Frugality. It’s a word that, for many people, screams deprivation and even poverty. I get letters from readers who say they’ve had it with trying to live below their means and never having anything they love. “What’s the point if all of this deprivation if it just makes me feel even more miserable?” was the way one woman closed her letter.
Look, I can’t know your particular situation. But I do know this: If you adjust your attitude, get a plan, and then let nothing stop you from reaching it, you can have the things you love.
Frugality isn’t only about cutting costs. There has to be a specific reason involved. And it can’t be something nebulous like, “Because I want to be rich.”
Frugality is about scrimping and cutting like crazy on the things you really don’t care about so that you can have the things you love. It’s a matter of deciding what’s really important and what’s not—on a daily basis and as a way of life. You have to get out of your “coma spending” and into conscious spending where every expenditure counts and every dollar matters.
The secret is to see every dollar as a kind of personal employee. They work for you. But you have to supervise and manage them, as every good employer does. If you see needs, you assign staff to meet those needs and get those jobs done.
I could give you all kinds of examples of how this might work, but let’s take something as simple as paper towels. A couple of rolls tucked in with the weekly groceries may not seem like such a big deal. And they are convenient. But do you really love paper towels? Enough to sacrifice things that you really do love in order to have that roll of paper always at the ready? I sure don’t.
Experts say the average household uses 1 1/2 to 2 rolls of paper towels per week. At a going rate of about a buck a roll, that’s $100 a year. Since I don’t love paper towels, that’s $100 I can divert to something that I do love or cannot live without. Now multiply this principle across paper napkins, paper plates, paper cups, and plastic utensils, and we’re talking a lot of money I choose to not spend on these things that I neither love nor need.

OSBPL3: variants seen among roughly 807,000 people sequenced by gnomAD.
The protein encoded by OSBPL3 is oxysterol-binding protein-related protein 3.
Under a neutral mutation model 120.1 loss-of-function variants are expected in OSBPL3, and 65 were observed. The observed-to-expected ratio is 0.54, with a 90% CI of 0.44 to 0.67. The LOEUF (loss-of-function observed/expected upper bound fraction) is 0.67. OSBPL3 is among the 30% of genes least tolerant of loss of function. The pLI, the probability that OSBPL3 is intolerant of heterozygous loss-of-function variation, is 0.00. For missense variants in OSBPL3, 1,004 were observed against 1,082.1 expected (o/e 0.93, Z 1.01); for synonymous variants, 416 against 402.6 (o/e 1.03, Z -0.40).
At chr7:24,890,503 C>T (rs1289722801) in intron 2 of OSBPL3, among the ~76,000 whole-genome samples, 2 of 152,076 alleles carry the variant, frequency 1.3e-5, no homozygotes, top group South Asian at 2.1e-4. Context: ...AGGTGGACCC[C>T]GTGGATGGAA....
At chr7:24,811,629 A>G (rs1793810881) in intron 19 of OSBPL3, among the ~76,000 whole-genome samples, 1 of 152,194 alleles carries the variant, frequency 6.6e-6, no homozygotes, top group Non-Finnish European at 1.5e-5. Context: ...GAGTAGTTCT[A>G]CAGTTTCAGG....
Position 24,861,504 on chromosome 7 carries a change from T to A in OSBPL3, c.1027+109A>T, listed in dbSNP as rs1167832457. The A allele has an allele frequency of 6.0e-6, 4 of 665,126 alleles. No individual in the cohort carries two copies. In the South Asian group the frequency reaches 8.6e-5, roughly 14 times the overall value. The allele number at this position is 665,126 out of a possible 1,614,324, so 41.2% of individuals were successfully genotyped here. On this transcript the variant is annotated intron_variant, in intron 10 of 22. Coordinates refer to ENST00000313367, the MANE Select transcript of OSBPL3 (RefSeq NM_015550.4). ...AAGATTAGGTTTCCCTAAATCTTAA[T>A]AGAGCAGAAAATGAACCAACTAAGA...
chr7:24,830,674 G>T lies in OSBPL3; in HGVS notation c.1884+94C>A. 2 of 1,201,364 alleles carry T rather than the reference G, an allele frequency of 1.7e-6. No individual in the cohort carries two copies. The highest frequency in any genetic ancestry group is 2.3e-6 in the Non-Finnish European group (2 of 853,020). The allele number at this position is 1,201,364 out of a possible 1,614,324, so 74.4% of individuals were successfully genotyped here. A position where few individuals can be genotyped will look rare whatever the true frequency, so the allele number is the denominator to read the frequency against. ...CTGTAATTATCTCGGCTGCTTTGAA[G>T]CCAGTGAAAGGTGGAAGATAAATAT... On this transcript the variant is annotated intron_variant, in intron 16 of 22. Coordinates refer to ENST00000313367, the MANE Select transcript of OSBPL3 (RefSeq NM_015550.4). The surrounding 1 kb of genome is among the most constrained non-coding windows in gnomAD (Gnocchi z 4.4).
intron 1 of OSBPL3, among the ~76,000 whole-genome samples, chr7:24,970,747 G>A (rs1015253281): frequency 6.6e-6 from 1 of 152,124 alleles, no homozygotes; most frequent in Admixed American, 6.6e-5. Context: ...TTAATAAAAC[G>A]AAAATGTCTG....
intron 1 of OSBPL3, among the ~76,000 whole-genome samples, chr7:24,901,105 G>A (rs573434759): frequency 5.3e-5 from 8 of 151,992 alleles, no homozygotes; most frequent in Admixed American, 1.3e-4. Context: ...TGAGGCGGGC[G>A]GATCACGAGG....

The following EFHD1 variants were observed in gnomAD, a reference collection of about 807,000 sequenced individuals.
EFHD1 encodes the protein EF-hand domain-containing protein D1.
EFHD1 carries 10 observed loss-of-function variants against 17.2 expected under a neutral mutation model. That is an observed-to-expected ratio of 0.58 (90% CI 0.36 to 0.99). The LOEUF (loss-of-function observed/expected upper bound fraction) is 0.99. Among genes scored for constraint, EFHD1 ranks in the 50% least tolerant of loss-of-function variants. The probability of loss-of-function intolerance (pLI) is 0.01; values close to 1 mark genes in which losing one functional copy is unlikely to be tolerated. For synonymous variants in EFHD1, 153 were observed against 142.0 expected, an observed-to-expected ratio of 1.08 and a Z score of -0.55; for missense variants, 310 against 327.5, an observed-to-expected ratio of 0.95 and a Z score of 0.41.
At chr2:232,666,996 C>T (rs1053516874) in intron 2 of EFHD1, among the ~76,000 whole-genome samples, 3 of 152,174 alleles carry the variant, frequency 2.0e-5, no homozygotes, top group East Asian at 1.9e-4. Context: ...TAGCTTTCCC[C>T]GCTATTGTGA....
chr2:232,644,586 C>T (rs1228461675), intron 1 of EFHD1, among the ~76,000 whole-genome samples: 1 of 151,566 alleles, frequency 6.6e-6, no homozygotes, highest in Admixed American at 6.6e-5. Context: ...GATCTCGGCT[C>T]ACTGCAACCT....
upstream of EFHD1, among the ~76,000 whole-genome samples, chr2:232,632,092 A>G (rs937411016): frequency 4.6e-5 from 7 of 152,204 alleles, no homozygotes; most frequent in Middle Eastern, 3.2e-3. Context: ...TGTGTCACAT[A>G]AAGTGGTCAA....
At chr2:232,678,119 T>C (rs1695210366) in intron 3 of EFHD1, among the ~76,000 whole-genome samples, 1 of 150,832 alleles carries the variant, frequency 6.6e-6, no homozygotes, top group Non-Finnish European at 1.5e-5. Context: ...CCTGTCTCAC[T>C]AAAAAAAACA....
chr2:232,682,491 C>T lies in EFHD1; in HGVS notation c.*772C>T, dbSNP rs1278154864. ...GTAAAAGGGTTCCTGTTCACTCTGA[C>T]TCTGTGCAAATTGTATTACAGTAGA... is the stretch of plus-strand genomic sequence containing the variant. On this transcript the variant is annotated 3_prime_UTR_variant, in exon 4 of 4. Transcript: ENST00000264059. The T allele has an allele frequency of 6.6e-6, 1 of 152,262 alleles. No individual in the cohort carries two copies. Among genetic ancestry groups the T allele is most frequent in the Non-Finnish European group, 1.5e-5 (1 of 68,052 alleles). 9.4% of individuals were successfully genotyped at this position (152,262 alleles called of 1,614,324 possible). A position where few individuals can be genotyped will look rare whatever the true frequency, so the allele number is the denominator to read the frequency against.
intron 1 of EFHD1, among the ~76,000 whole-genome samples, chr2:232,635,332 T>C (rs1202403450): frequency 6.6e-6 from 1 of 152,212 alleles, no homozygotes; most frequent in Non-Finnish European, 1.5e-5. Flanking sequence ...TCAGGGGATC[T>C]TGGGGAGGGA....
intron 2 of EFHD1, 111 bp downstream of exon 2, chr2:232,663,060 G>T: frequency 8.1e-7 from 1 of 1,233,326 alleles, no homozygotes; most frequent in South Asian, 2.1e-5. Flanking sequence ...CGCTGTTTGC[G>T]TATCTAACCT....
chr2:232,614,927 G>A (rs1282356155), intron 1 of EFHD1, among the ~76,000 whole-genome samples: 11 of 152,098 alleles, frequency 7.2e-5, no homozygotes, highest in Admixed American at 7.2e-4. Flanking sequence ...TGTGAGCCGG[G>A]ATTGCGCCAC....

Set a Goal
No matter how frivolous, you need a goal that is going to make your trade-offs worthwhile. Giving up paper towels might be a pain for a while, but if your goal is so much more glorious, it won’t be difficult because you will know that you are working toward something specific—something you love.
Create an Account
This is mandatory. I suggest setting up an online savings account at Ally or Capital One because that just makes saving money brainlessly easy. Now you can transfer any amount any time into your goal account.
Saving with a goal puts all of your decisions into perspective. It makes cutting costs mercilessly on things that don’t matter worth the effort because in so doing, you’re affirming and moving toward having the things you love.
Mary Hunt is the founder of EverydayCheapskate.com, a frugal living blog and the author of the book “Debt-Proof Living.” Mary invites you to visit her at her website, where this column is archived complete with links and resources for all recommended products and services. Mary invites questions and comments at EverydayCheapskate.com/contact, “Ask Mary.” Tips can be submitted at Tips.EverydayCheapskate.com. This column will answer questions of general interest, but letters cannot be answered individually. Copyright 2021 Creators.com